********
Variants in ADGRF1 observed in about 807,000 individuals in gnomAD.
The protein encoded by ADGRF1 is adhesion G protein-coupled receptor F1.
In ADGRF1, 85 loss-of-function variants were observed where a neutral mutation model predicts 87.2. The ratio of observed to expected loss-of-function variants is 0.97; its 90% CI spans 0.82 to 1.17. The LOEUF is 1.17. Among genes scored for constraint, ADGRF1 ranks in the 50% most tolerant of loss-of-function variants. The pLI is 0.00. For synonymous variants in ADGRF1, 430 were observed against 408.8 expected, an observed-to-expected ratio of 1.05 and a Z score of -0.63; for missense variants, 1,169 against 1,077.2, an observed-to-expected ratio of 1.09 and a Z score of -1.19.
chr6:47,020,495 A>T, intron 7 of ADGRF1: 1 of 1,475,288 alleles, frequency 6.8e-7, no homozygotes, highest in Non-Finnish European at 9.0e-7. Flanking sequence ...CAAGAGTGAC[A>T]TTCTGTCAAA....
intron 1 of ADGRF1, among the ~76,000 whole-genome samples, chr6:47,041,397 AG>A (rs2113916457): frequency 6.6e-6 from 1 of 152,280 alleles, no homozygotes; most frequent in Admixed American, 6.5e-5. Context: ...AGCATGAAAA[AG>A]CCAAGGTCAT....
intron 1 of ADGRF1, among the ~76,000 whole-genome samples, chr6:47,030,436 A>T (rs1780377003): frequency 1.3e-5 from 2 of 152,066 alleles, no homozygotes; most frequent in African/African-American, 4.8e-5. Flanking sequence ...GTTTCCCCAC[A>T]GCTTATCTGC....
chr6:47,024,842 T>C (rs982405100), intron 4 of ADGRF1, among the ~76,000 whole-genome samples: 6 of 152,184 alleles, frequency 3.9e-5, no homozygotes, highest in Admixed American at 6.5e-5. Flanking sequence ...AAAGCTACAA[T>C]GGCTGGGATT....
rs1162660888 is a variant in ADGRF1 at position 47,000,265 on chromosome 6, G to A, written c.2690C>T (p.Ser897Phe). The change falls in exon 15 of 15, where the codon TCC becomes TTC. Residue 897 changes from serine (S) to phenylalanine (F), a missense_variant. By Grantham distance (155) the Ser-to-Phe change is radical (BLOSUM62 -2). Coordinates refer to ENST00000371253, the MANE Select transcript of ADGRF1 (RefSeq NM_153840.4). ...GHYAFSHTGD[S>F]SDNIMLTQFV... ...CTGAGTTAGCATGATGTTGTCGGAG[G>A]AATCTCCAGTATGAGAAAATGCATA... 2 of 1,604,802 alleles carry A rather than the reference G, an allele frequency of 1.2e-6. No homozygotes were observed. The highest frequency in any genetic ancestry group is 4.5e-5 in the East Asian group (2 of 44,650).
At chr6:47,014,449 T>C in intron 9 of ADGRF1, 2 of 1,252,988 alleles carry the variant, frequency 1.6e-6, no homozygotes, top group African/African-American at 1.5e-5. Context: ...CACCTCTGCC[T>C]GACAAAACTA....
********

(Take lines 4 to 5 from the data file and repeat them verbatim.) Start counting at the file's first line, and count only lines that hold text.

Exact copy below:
chr6:47,020,495 A>T, intron 7 of ADGRF1: 1 of 1,475,288 alleles, frequency 6.8e-7, no homozygotes, highest in Non-Finnish European at 9.0e-7. Flanking sequence ...CAAGAGTGAC[A>T]TTCTGTCAAA....
intron 1 of ADGRF1, among the ~76,000 whole-genome samples, chr6:47,041,397 AG>A (rs2113916457): frequency 6.6e-6 from 1 of 152,280 alleles, no homozygotes; most frequent in Admixed American, 6.5e-5. Context: ...AGCATGAAAA[AG>A]CCAAGGTCAT....